“Blend” means a mixture of two or more polymers while the term “alloy” means a sub-class of blends wherein the components are immiscible but have been compatibilized. “Miscibility” and “immiscibility” are defined as blends having negative and positive values, respectively, for the free energy of mixing. Further, “compatibilization” is defined as the process of modifying the interfacial properties of an immiscible polymer blend in order to make an alloy.
“Consisting essentially of” does not exclude the presence of additional materials which do not significantly affect the desired characteristics of a given composition or product. Exemplary materials of this sort would include, without limitation, pigments, antioxidants, stabilizers, surfactants, waxes, flow promoters, particulates and materials added to enhance processability of the composition.
FIG. 1 illustrates a process for preparing a creped nonwoven web of the invention, which can be a creped spunbonded web, and which can be creped on one or both sides. A nonwoven web 12, which can be a spunbonded web, is unwound from a supply roll 10. The nonwoven web 12 may be passed through a first creping station 20, a second creping station 30, or both. If it is desired to crepe the nonwoven web 12 on only one side, it may be passed through either the first creping station 20 or the second creping station 30, with one creping station or the other being bypassed. If it is desired to crepe the nonwoven web 12 on both sides, it may be passed through both creping stations.
A first side 14 of the web 12 may be creped using the first creping station 20. The creping station 20 includes first a printing station including a lower patterned or smooth printing roller 22, an upper smooth anvil roller 24, and a printing bath 25, and also includes a dryer roller 26 and associated creping blade 28.
The rollers 22 and 24 nip the web 12 and guide it forward. As the rollers 22 and 24 turn, the patterned or smooth printing roller 22 dips into bath 25 containing an adhesive material, and applies the adhesive material to the first side 14 of the web 12 in a partial coverage at a plurality of spaced apart locations, or in a total coverage. The adhesive-coated web 12 is then passed around drying drum 26 whereupon the adhesive-coated surface 14 becomes adhered to the roller 26. The first side 14 of the web 12 is then creped (i.e. lifted off the drum and bent) using doctor blade 28.
A second side 16 of the web 12 may be creped using the second creping station 30, regardless of whether or not the first creping station 20 has been bypassed. The second creping station 30 includes a second printing station including a lower patterned or smooth printing roller 32, an upper smooth anvil roller 34, and a printing bath 35, and also includes a dryer drum 36 and associated creping blade 38. The rollers 32 and 34 nip the web 12 and guide it forward. As the rollers 32 and 34 turn, the printing roller 32 dips into bath 35 containing adhesive material, and applies the adhesive to the second side 16 of the web 12 in a partial or total coverage. The adhesive-coated web 12 is then passed around drying roller 36 whereupon the adhesive-coated surface 16 becomes adhered to the roller 36. The second side 16 of the web 12 is then creped (i.e. lifted off the drum surface and bent) using doctor blade 38.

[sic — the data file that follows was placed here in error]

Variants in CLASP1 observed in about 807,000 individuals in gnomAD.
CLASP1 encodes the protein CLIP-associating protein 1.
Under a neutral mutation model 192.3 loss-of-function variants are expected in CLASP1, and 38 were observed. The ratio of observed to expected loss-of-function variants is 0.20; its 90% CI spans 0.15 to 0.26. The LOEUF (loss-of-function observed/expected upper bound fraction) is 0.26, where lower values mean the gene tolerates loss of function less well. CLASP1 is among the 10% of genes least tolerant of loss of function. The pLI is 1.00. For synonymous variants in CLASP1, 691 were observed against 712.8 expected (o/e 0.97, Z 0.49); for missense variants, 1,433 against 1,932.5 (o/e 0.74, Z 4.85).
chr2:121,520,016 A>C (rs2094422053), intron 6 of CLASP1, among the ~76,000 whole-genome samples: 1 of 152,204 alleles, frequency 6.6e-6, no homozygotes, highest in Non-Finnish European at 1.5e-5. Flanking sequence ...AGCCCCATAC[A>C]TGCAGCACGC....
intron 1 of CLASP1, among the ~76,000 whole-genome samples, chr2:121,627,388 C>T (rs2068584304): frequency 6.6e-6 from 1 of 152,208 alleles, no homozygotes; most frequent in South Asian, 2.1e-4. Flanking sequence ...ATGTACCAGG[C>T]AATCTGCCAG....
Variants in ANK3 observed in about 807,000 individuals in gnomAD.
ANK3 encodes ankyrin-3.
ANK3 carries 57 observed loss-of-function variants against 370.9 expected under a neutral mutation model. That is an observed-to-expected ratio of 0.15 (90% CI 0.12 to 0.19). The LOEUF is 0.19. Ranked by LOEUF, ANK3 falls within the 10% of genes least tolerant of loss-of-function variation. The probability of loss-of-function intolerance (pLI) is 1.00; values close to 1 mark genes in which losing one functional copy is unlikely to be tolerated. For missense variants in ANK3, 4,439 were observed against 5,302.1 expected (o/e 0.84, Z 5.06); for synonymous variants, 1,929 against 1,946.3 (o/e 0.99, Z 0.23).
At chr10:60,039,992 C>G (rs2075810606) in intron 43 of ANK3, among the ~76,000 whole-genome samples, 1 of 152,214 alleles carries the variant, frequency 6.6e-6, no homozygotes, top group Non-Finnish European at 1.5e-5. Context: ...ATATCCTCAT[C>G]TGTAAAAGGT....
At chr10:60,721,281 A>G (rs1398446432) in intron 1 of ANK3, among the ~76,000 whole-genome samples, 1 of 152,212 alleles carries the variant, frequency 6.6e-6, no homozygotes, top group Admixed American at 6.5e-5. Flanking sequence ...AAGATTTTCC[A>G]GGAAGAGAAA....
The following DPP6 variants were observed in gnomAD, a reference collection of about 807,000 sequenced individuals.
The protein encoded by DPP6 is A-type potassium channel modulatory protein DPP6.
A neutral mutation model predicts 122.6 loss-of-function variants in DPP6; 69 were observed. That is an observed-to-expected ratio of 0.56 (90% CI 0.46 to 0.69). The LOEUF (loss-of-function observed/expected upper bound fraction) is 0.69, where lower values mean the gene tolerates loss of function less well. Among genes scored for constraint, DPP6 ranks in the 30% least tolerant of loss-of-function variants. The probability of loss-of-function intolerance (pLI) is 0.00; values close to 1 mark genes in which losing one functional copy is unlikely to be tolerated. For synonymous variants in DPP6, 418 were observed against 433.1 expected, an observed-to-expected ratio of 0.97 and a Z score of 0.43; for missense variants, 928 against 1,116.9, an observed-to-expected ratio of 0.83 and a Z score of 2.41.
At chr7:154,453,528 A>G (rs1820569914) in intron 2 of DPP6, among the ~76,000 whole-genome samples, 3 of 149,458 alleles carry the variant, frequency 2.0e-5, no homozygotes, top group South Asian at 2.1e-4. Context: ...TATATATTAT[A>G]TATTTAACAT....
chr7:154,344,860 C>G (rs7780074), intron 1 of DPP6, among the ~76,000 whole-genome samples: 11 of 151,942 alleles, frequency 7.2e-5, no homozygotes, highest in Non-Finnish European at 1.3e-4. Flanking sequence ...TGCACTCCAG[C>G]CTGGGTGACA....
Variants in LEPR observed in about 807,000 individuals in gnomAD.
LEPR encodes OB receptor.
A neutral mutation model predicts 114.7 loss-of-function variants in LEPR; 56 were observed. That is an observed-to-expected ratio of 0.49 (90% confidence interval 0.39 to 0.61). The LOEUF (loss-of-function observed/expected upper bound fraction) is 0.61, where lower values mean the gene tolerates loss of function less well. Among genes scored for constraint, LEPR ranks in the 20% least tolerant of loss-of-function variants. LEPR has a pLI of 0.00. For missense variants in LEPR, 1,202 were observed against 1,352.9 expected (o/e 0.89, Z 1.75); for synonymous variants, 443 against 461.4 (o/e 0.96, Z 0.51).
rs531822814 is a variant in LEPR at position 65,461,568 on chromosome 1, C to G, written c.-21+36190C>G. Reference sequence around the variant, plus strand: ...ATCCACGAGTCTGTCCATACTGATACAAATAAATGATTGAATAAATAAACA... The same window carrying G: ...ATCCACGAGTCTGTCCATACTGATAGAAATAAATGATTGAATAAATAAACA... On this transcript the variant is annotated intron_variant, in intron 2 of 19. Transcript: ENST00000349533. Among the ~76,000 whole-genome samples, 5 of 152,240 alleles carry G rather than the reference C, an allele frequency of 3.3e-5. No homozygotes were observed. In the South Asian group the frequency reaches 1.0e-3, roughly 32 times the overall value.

After creping, the nonwoven web 12 may be passed through a chilling station 40 and wound onto a storage roll 42. The level of creping is affected by the surface speed of the windup roll 42 relative to the surface speed of the creping drum 36, according to the equation presented above. The surface speed of the windup roll 42 is slower than the surface speed of the creping drum 36, and the difference between the two speeds affects the level of creping. The level of creping should generally be about 5-75%, preferably about 15-60%, most preferably about 25-50%.
The nonwoven web 12 may be any type of thermoplastic nonwoven web. For instance, web 12 may be a spunbonded web, a meltblown web, a bonded carded web, or a combination including any of the following. Preferably, the web 12 is a spunbonded web. A wide variety of thermoplastic polymer materials can be used to make the nonwoven web 12. Exemplary polymer materials include without limitation, polypropylene, polyethylene (high and low density), ethylene copolymers with C3-C20 α-olefins, propylene copolymers with ethylene or C4-C20 α-olefins, butene copolymers with ethylene, propylene, or C5-C20 α-olefins, polyvinyl chloride, polyesters, polyamides, polyfluorocarbons, polyurethane, polystyrene, polyvinyl alcohol, caprolactams, and cellulosic and acrylic resins. Bicomponent and biconstituent thermoplastic webs may also be utilized, as well as webs containing blends of one or more of the above-listed thermoplastic polymers. The web 12 may have a basis weight of about 0.2-2.0 ounces per square yard (osy) before creping, desirably about 0.3-1.5 osy.
A wide variety of adhesive bonding materials may be utilized to reinforce the fibers of the web 12 at the locations of adhesive application, and to temporarily adhere the web 12 to the surface of the drum 26 and/or 36. Elastomeric adhesives (i.e. materials capable of at least 75% elongation without rupture) are especially suitable. Suitable materials include without limitation aqueous-based styrene butadiene adhesives, neoprene, polyvinyl chloride, vinyl copolymers, polyamides, ethylene vinyl terpolymers and combinations thereof. The presently preferred adhesive material is an acrylic polymer emulsion sold by the B. F. Goodrich Company under the trade name HYCAR®. The adhesive may be applied using the printing technique described above or may, alternatively, be applied by meltblowing, melt spraying, dripping, splattering, or any technique capable of forming a partial or total adhesive coverage on the thermoplastic nonwoven web 12.